For more than 30 years, Mark Legan has farmed in Putnam and Hendricks counties, growing about 2,100 acres of corn and soybeans and raising 2,200 sows. As a livestock producer, he has keen interest in exports of red meat around the globe. Legan also serves on the executive committee of the U.S. Meat Export Federation, a Denver-based association responsible for developing international markets for the U.S. red meat industry, including beef, lamb and pork.
“Indiana is the fifth largest state in terms of pork production in the United States. And, somewhere between 25% and 30% of the pork is being exported,” explained Legan in an interview with Inside INdiana Business. “So, if we’re exporting, close to 30% of the pigs, then that bodes well for the industry [and] gives us some market diversification around the world.”
According to the latest USMEF data, the U.S. saw record exports last year in terms of volume and value. Beef exports surpassed $10 billion and pork exports topped $8 billion, both for the first time.
“We’ve come off two years of supply chain interruptions and COVID shutdowns across the world. And then with some of the issues at the ports here in the United States, it’s amazing to me that exports have been hitting record levels, the last two years,” said Legan.
Legan’s involvement on the USMEF is to represent oilseed (soybean) producers. He says the record meat shipments support Indiana’s grain farmers.
“Last year’s record value of exports in both beef and pork added about $1.64 a bushel to the soybeans, about 12.5% of the value can be attributed directly to the exports of pork, “said Legan, who added corn prices also benefited by 12%.
Last weekend, Legan attended Commodity Classic in New Orleans, an agricultural convention that draws together national trade associations representing U.S. corn, soybean, and wheat growers. He says the Ukraine-Russia War and its impact on global trade was a key topic.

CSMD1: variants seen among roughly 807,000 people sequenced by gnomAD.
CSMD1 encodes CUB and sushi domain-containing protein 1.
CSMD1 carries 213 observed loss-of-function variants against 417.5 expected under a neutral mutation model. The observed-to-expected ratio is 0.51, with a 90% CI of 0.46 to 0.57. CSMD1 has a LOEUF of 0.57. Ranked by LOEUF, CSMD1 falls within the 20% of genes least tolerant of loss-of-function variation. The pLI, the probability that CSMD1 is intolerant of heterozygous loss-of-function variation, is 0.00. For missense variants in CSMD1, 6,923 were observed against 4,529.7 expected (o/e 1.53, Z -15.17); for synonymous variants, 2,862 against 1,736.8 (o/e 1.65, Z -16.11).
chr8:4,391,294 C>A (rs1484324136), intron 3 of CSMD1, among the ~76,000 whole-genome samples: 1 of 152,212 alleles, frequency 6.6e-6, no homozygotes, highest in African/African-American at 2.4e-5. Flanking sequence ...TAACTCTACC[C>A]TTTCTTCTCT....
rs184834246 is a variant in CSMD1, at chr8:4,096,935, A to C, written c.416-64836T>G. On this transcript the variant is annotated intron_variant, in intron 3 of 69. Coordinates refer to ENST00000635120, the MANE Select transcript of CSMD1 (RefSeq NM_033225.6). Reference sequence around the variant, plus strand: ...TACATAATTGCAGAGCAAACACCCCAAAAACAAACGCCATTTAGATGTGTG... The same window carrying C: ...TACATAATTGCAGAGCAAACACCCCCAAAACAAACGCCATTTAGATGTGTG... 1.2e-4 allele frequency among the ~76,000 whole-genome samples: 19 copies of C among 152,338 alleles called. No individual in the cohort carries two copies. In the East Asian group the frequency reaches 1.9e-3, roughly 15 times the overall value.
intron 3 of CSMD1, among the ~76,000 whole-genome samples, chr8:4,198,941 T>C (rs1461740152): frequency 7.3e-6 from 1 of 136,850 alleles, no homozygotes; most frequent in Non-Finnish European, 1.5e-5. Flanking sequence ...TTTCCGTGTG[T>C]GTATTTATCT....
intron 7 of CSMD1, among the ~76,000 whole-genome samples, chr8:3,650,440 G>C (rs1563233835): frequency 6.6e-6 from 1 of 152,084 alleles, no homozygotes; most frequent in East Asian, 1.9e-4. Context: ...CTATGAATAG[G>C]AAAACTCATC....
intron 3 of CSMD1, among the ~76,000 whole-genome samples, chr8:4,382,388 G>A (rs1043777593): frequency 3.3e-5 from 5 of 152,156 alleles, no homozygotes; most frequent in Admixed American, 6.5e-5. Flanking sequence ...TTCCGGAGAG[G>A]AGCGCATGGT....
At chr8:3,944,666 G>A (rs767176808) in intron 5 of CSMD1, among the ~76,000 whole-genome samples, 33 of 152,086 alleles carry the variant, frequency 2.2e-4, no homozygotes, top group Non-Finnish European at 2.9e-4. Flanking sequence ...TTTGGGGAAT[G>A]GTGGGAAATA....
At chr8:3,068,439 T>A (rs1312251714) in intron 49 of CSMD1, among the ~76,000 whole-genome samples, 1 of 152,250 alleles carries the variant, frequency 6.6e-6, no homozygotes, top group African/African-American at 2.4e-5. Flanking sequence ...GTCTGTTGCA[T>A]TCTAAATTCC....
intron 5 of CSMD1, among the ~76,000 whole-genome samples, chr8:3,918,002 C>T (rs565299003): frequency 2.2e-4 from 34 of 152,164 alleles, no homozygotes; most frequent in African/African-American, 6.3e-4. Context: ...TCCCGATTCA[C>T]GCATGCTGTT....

While neither country is a big importer of U.S. meat, they are both big exporters of wheat. Together, they represent approximately 30% of global wheat exports. Since the outbreak of war, wheat prices have skyrocketed.
Russia is also a major exporter of natural gas, a key ingredient in nitrogen-based fertilizers. Nitrogen is a crucial crop input for many Indiana corn farmers. When the U.S. ban on imports of Russian oil and other energy imports is in full effect, analysts say it will push fertilizer prices even higher.
Legan says he is concerned about fertilizer prices not only this year, but next.
“Even though we’re facing issues this year, personally, what worries me as about what may happen in the next year or two if that infrastructure over there is destroyed,” said Legan. “I think we’re going to see increased cost with this for some time.”
The White House says no new contracts on Russian oil will be allowed and existing contracts must be phased out within the next month.
In a conversation with Inside INdiana Business reporter Wes Mills, Legan explains how U.S. meat exports are bringing increased value to Indiana grain producers.